Materials will be added to this core collection if they have an early imprint date (see the section of this policy covering the Rare Book Collection for further information), if they are a limited or special edition, or if they are in some other way unique or unusual. The library will collect current Northwest materials of interest as well, but these materials will generally become a part of our circulating collection. Second copies received as gifts will often be added to the Northwest collection.
The collection will emphasize:
Types of materials:
Northwest materials are fully classified and cataloged, and appear in the library’s online catalog with the location listed as Northwest. Every attempt will be made to keep the materials in their original condition when processing the items (e.g., covers will be retained, no labels will be affixed and the materials will not bear an ownership stamp). Materials in this collection can be used in the building, but do not circulate outside the library. Items from the Northwest Collection can be used during regular business hours, or through prior arrangement.
Periodicals are defined as journals and magazines that are issued periodically and are expected to continue indefinitely. Other serial publications, such as most newspapers, annuals, monographic series, and indexes and abstracts, are considered separately.
Periodicals serve as a major source of current information in many academic disciplines, and complement the library's book collection. Because each periodical title involves a prospective long-term commitment of funds, and because of the increasing cost of periodical subscriptions, acquisition of new periodical titles requires serious consideration.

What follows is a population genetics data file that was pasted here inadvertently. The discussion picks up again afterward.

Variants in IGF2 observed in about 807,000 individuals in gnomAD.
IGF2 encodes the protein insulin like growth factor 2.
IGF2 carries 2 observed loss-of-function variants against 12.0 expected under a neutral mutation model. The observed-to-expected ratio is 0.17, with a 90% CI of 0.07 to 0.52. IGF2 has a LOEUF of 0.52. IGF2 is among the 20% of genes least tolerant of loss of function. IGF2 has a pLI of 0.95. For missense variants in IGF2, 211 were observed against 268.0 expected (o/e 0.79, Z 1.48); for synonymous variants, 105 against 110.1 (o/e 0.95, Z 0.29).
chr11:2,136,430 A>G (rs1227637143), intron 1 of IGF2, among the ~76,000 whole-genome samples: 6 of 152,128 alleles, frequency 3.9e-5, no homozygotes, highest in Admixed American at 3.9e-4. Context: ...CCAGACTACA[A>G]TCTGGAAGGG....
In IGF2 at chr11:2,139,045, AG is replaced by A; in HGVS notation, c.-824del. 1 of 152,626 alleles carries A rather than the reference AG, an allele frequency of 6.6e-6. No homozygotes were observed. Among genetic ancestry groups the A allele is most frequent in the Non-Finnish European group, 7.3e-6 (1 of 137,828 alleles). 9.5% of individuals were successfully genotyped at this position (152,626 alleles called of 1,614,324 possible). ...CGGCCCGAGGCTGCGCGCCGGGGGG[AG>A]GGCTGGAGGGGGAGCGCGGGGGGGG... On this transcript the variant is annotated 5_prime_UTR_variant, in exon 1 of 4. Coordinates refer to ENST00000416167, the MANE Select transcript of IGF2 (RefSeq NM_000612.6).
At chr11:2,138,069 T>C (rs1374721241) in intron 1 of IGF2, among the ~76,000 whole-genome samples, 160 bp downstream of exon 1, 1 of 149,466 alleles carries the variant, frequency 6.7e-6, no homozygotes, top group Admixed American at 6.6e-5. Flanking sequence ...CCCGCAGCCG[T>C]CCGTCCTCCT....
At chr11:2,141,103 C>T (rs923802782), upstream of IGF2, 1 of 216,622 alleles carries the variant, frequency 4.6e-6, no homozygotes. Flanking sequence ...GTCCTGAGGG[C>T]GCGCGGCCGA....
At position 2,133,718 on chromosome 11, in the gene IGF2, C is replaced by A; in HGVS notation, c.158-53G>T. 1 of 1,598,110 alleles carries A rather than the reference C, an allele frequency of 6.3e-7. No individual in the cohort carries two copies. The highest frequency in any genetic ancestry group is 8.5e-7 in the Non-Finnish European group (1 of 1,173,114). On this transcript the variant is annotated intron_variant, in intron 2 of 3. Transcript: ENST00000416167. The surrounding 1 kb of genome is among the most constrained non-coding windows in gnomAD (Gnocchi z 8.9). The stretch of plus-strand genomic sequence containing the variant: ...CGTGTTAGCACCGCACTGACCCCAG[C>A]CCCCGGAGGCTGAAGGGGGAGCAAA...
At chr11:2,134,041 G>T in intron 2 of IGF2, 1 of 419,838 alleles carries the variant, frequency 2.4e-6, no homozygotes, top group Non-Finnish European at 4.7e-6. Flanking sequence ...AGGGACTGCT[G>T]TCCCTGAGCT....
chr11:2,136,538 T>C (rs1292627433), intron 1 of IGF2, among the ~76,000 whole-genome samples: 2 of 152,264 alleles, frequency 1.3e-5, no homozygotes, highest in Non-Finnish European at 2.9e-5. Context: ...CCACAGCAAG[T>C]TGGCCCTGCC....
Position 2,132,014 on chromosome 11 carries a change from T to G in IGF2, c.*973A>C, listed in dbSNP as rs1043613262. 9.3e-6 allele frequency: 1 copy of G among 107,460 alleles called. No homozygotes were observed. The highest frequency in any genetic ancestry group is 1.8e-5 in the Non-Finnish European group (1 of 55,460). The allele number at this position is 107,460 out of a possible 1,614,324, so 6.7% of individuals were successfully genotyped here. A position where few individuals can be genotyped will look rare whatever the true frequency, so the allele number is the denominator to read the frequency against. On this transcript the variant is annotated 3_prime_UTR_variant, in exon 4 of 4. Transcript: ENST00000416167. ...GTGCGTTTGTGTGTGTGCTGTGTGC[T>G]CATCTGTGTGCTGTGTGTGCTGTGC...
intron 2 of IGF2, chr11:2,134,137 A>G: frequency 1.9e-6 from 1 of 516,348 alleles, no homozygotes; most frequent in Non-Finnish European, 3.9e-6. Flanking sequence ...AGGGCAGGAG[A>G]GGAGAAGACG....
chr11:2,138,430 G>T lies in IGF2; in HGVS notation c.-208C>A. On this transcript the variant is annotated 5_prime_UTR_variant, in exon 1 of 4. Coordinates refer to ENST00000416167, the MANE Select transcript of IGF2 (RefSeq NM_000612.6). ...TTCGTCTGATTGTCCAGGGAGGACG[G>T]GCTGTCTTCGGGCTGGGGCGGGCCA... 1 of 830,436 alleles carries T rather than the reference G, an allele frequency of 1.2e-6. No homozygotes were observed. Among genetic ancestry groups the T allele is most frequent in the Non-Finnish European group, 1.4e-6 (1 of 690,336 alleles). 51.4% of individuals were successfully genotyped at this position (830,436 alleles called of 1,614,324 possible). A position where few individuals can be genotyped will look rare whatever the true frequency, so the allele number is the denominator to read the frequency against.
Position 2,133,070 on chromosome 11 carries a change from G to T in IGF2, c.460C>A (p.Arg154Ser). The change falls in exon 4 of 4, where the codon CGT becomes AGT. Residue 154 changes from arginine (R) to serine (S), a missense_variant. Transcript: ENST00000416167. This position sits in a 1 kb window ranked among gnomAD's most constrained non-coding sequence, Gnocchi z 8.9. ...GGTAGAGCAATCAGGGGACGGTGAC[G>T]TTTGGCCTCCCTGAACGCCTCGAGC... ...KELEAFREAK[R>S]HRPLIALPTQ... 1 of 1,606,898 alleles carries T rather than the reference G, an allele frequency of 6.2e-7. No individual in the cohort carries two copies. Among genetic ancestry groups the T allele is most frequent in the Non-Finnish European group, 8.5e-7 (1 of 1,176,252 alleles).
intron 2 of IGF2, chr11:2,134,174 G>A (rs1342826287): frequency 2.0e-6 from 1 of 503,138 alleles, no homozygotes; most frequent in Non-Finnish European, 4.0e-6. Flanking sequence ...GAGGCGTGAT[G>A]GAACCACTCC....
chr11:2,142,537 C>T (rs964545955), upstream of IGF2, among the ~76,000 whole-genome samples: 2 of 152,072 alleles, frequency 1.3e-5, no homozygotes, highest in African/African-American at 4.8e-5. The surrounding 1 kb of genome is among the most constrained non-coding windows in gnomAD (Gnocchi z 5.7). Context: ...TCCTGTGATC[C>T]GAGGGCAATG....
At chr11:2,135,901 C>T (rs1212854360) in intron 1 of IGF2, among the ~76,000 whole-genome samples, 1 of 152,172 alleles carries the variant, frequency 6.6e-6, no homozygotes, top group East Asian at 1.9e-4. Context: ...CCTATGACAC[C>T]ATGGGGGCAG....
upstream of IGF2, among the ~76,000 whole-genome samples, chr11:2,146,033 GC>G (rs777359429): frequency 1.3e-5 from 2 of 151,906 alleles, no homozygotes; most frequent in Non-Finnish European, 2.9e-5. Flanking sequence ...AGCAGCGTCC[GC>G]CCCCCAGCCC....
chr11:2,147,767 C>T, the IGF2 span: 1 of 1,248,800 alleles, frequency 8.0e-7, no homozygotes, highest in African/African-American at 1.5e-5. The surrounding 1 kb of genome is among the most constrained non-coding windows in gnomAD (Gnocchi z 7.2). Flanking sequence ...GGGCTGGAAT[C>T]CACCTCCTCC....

Development of the periodicals collection is a cooperative activity involving faculty and librarians, with final selection responsibility resting with the librarians.
The primary criterion used to evaluate and select periodicals subscriptions is the title's support of the educational program of the University.
The following additional criteria will be factored into the evaluation process. The list is not in priority order and not all criteria may apply to each title.
The collection will be examined periodically in order to evaluate its continued adherence to the above criteria.
The Rare Book Collection is part of the University Archives and Special Collections. It is a collection of rare, antiquarian, or limited edition books that, due to value, age, fragility, or some other special attribute, have been placed in an access controlled environment.
The library does not actively acquire rare book materials. New acquisitions come through gifts to the library or the University and meet the same criteria as the regular collection.
The following materials should be designated as rare and shelved in the Vault:
Books of value due to early imprint date
Materials whose irreplaceability or uniqueness makes them rare
Fragile materials that may not survive in the circulating collection